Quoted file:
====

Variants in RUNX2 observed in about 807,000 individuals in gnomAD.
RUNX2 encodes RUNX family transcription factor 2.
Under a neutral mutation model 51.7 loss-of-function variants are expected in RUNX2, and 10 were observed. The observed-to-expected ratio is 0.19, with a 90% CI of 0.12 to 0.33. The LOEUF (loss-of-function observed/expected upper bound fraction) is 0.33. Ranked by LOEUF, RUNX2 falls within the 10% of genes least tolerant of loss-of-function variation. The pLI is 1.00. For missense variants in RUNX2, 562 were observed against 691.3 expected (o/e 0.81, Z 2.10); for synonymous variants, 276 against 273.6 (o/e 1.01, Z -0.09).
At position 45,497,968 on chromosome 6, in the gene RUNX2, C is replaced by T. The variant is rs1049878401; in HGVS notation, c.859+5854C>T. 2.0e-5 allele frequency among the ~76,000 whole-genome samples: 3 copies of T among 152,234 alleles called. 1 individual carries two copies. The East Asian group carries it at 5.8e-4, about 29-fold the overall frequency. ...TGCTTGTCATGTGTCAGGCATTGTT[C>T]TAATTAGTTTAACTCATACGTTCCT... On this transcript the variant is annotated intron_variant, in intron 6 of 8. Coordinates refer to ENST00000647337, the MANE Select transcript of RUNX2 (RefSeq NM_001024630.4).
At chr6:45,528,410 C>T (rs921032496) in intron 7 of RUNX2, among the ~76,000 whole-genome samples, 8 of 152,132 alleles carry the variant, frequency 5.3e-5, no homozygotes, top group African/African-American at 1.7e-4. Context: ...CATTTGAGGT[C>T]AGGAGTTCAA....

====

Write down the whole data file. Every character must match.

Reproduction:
Variants in RUNX2 observed in about 807,000 individuals in gnomAD.
RUNX2 encodes RUNX family transcription factor 2.
Under a neutral mutation model 51.7 loss-of-function variants are expected in RUNX2, and 10 were observed. The observed-to-expected ratio is 0.19, with a 90% CI of 0.12 to 0.33. The LOEUF (loss-of-function observed/expected upper bound fraction) is 0.33. Ranked by LOEUF, RUNX2 falls within the 10% of genes least tolerant of loss-of-function variation. The pLI is 1.00. For missense variants in RUNX2, 562 were observed against 691.3 expected (o/e 0.81, Z 2.10); for synonymous variants, 276 against 273.6 (o/e 1.01, Z -0.09).
At position 45,497,968 on chromosome 6, in the gene RUNX2, C is replaced by T. The variant is rs1049878401; in HGVS notation, c.859+5854C>T. 2.0e-5 allele frequency among the ~76,000 whole-genome samples: 3 copies of T among 152,234 alleles called. 1 individual carries two copies. The East Asian group carries it at 5.8e-4, about 29-fold the overall frequency. ...TGCTTGTCATGTGTCAGGCATTGTT[C>T]TAATTAGTTTAACTCATACGTTCCT... On this transcript the variant is annotated intron_variant, in intron 6 of 8. Coordinates refer to ENST00000647337, the MANE Select transcript of RUNX2 (RefSeq NM_001024630.4).
At chr6:45,528,410 C>T (rs921032496) in intron 7 of RUNX2, among the ~76,000 whole-genome samples, 8 of 152,132 alleles carry the variant, frequency 5.3e-5, no homozygotes, top group African/African-American at 1.7e-4. Context: ...CATTTGAGGT[C>T]AGGAGTTCAA....